Boating season generally runs from late April to early October, with June through August being the most popular months for cruising. As the season comes to an end, it’s critical that seasonal boaters prepare for the colder months ahead.
With the potential for freezing temperatures, heavy snowfall, and high winds, the foundation of winter preparedness is storage and maintenance. The more you can do ahead of time to prepare for inclement weather, the better off you’ll be if and when a winter storm hits.
So, are you ready for winter weather?
Make a Plan for Storage
When winter weather comes a-raging, it’s important to decide where your boat will be kept. Most marinas and boat owners agree that the safest choice is to have watercraft hauled ashore.
Even if you live somewhere where the water won’t freeze, you should still consider storing your boat during the off-season. Sustained exposure to cold water temperatures can cause your boat to wear down, rust, and discolor. Essentially, you’re subjecting it to more outdoor elements, which can lead to damage.
In terms of finding storage space, you can consider keeping it at home if you have a big enough property. It could be stored in a shed, garage, or even in a portable shelter kept on your lawn or in your driveway. If you decide to keep your boat on your property, be sure to cover it with a durable tarp to help fight off the elements.
There are also many options to purchase space through a boat storage facility if you don’t have room to store your boat on your property. These facilities typically have advanced security measures in place to protect against theft or vandalism.
Boat Winterization Basics
After making a storage plan, it’s time for some basic maintenance to protect your boat from winter mayhem.
Below you’ll find a quick refresher on how to winterize a boat. For something more extensive, check out our complete guide to boat winterization.
- First off, drain all old fuel and make sure there is no water in the gas tank. Stale or clogged fuel can damage the engine.
- Apply corrosion protection to your engine.
- Consult the owner's manual for specific instructions, and complete fogging, if necessary.
- Add a fuel-stabilizing additive to the fuel system. Then, run the engine.
- Change your engine’s fuel filters and any fuel/water separators in the system, if needed.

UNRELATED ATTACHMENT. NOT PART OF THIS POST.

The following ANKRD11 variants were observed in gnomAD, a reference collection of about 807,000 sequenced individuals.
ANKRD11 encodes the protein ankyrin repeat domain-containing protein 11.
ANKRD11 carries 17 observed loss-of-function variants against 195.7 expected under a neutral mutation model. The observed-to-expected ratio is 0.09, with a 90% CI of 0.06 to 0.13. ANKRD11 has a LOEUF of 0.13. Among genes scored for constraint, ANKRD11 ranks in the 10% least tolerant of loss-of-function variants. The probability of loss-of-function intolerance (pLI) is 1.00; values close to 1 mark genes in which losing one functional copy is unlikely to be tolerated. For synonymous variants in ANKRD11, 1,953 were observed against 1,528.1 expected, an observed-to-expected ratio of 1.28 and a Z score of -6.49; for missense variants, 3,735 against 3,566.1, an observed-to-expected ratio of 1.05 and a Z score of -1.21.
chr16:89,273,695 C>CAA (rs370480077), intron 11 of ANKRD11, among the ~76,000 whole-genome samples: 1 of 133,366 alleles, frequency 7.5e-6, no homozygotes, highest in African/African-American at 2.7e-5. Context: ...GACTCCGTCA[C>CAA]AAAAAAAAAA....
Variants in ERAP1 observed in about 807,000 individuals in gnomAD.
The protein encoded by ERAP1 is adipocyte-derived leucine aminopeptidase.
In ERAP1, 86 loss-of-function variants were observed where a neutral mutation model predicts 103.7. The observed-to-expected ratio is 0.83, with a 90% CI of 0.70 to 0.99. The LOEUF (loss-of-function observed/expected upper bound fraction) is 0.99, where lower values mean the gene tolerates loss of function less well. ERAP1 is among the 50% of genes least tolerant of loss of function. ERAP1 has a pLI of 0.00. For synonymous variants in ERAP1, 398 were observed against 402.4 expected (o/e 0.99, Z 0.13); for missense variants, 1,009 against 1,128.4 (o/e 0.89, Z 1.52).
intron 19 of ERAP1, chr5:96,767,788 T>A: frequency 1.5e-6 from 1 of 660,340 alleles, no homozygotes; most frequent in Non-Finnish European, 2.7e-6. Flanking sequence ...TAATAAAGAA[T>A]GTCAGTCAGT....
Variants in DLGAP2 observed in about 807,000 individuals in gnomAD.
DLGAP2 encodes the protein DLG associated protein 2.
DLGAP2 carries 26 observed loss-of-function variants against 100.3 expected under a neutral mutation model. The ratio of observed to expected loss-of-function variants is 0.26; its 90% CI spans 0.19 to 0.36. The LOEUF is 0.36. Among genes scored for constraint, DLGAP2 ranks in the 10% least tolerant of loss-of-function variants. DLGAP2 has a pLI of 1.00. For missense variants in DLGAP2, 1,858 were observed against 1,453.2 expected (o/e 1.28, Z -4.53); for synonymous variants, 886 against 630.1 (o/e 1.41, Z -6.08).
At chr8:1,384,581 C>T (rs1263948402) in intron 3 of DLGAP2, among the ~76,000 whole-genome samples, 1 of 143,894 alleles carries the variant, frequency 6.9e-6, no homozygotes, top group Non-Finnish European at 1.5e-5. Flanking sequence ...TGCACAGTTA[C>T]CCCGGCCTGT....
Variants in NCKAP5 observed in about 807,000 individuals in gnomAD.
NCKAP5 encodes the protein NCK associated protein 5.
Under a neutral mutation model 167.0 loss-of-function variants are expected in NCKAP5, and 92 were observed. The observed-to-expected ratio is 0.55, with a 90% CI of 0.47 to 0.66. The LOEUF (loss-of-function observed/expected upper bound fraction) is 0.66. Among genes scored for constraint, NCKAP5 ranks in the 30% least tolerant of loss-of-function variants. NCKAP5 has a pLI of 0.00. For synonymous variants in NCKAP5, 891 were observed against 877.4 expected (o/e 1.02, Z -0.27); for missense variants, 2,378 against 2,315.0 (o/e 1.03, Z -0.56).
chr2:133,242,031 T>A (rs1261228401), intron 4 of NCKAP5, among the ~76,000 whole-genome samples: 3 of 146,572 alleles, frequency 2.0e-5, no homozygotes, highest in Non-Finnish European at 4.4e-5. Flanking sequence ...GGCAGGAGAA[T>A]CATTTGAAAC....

- Drain any freshwater plumbing systems (i.e., tanks, sinks, heads) and add antifreeze to the plumbing systems.
- Ensure water is removed from all other systems (i.e., livewells, bilge pump, raw water washdowns, etc.).
- Remove drain plugs.
- Take note of all safety equipment including lifejackets, flares, fire extinguishers, EPIRBs, and radios. Check expiration dates on all flares and fire extinguishers, and ensure that they are working properly.
- Look for damage and cracks along the boat, especially near the hull and surrounding areas.
Clean Your Boat
With the potential for mold, mildew, and corrosion, water poses one of the biggest threats to your boat during the off-season. So, it’s important to prioritize keeping water and moisture out as best you can. Cleaning your boat helps to ensure that it doesn’t corrode, rust, or attract mold and mildew.
You can clean your boat as you usually would after an outing, emptying out all perishables, clothing, and removable equipment. Make sure that you also clean the outside of the boat. Marine-specific soap and a soft-bristle brush should get the job done.
Make It Rust-Proof
After the boat is clean, apply a secure, weatherproof cover. Something well-fitted will help to prevent rust buildup (which commonly occurs when leftover saltwater on the boat comes in contact with cold, wet weather conditions). Your best bet is to shrink-wrap the boat, which places a thin polymer plastic film across the boat’s surface. It shrinks tightly over whatever it’s covering, helping to protect against the elements. For extra protection, you can also apply a rust solution on any exposed metal.
Visit Your Boat Throughout the Off-Season
Try to visit your boat monthly or bi-monthly if possible. That way, you can catch problems early, before they become increasingly dangerous to your boat.
Look for signs of corrosion, mold/mildew, cracks and holes, animals and insects. If you notice anything off, contact a marine expert immediately. The sooner you catch it, the less damage it will cause—and moreover, the less it will cost you in the end.
Year-round coverage comes highly recommended. Some boat owners are tempted to cancel coverage when the boat is no longer in use, but a lot can happen to a boat even in the off-season and out of the water. Think: fire, vandalism, theft, and freeze damage from winter storms. All can cause serious damage and require costly repairs.
If you prefer not to bear the entire cost of these exorbitant repairs, then boat insurance is most definitely recommended during the winter months. Remember that a boat is a major investment. Just like a house or a car, it’s important to protect those assets—whether they’re in use or not.
Does home insurance cover boats?
Some home insurers will cover small, non-motorized boats (like a canoe, kayak, or small sailboat). If you have a larger vessel, however, your home insurance will likely not offer coverage—even if the boat is on your property.
If you want proper coverage, opt for boat insurance. Boat insurance coverage typically protects against things like property damage, bodily injury, collision, theft, vandalism, and fire during both the on- and off-season.
How can I lower my boat insurance costs?
SkiSafe offers a discount to boats that are laid up during the off-season. This discount will lower boat insurance costs. To qualify, the vessel cannot be used and must remain fully covered throughout the duration of the lay-up period. It also must be properly winterized (not ready for immediate use).